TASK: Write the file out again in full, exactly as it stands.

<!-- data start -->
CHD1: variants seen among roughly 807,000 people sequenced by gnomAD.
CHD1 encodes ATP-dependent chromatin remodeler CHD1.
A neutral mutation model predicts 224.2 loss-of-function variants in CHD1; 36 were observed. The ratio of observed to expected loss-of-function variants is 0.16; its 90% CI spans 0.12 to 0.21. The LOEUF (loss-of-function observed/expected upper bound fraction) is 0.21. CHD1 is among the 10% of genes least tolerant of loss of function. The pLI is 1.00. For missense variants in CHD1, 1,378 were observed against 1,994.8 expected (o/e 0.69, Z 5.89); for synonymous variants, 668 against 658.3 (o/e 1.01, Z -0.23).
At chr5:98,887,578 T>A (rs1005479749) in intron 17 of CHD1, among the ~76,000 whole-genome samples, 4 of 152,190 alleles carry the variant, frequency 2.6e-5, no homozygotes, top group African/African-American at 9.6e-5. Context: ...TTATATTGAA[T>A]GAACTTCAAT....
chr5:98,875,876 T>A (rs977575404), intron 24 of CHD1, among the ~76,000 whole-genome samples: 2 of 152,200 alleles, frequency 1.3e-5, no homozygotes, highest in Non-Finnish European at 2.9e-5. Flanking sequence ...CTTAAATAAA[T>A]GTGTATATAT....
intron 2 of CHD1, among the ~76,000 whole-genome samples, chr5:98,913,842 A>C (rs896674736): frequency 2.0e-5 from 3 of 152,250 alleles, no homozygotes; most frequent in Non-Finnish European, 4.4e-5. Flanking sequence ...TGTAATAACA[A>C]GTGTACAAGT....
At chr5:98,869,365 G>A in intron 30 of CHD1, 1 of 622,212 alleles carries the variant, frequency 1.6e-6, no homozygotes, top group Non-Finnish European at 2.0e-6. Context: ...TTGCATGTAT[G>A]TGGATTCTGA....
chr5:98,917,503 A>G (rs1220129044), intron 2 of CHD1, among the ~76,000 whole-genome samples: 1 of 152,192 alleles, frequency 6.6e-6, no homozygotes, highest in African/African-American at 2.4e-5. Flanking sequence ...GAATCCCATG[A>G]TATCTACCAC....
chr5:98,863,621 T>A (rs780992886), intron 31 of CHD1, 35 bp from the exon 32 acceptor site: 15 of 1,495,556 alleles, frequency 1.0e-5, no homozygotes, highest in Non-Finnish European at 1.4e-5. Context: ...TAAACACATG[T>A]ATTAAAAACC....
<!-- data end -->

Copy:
CHD1: variants seen among roughly 807,000 people sequenced by gnomAD.
CHD1 encodes ATP-dependent chromatin remodeler CHD1.
A neutral mutation model predicts 224.2 loss-of-function variants in CHD1; 36 were observed. The ratio of observed to expected loss-of-function variants is 0.16; its 90% CI spans 0.12 to 0.21. The LOEUF (loss-of-function observed/expected upper bound fraction) is 0.21. CHD1 is among the 10% of genes least tolerant of loss of function. The pLI is 1.00. For missense variants in CHD1, 1,378 were observed against 1,994.8 expected (o/e 0.69, Z 5.89); for synonymous variants, 668 against 658.3 (o/e 1.01, Z -0.23).
At chr5:98,887,578 T>A (rs1005479749) in intron 17 of CHD1, among the ~76,000 whole-genome samples, 4 of 152,190 alleles carry the variant, frequency 2.6e-5, no homozygotes, top group African/African-American at 9.6e-5. Context: ...TTATATTGAA[T>A]GAACTTCAAT....
chr5:98,875,876 T>A (rs977575404), intron 24 of CHD1, among the ~76,000 whole-genome samples: 2 of 152,200 alleles, frequency 1.3e-5, no homozygotes, highest in Non-Finnish European at 2.9e-5. Flanking sequence ...CTTAAATAAA[T>A]GTGTATATAT....
intron 2 of CHD1, among the ~76,000 whole-genome samples, chr5:98,913,842 A>C (rs896674736): frequency 2.0e-5 from 3 of 152,250 alleles, no homozygotes; most frequent in Non-Finnish European, 4.4e-5. Flanking sequence ...TGTAATAACA[A>C]GTGTACAAGT....
At chr5:98,869,365 G>A in intron 30 of CHD1, 1 of 622,212 alleles carries the variant, frequency 1.6e-6, no homozygotes, top group Non-Finnish European at 2.0e-6. Context: ...TTGCATGTAT[G>A]TGGATTCTGA....
chr5:98,917,503 A>G (rs1220129044), intron 2 of CHD1, among the ~76,000 whole-genome samples: 1 of 152,192 alleles, frequency 6.6e-6, no homozygotes, highest in African/African-American at 2.4e-5. Flanking sequence ...GAATCCCATG[A>G]TATCTACCAC....
chr5:98,863,621 T>A (rs780992886), intron 31 of CHD1, 35 bp from the exon 32 acceptor site: 15 of 1,495,556 alleles, frequency 1.0e-5, no homozygotes, highest in Non-Finnish European at 1.4e-5. Context: ...TAAACACATG[T>A]ATTAAAAACC....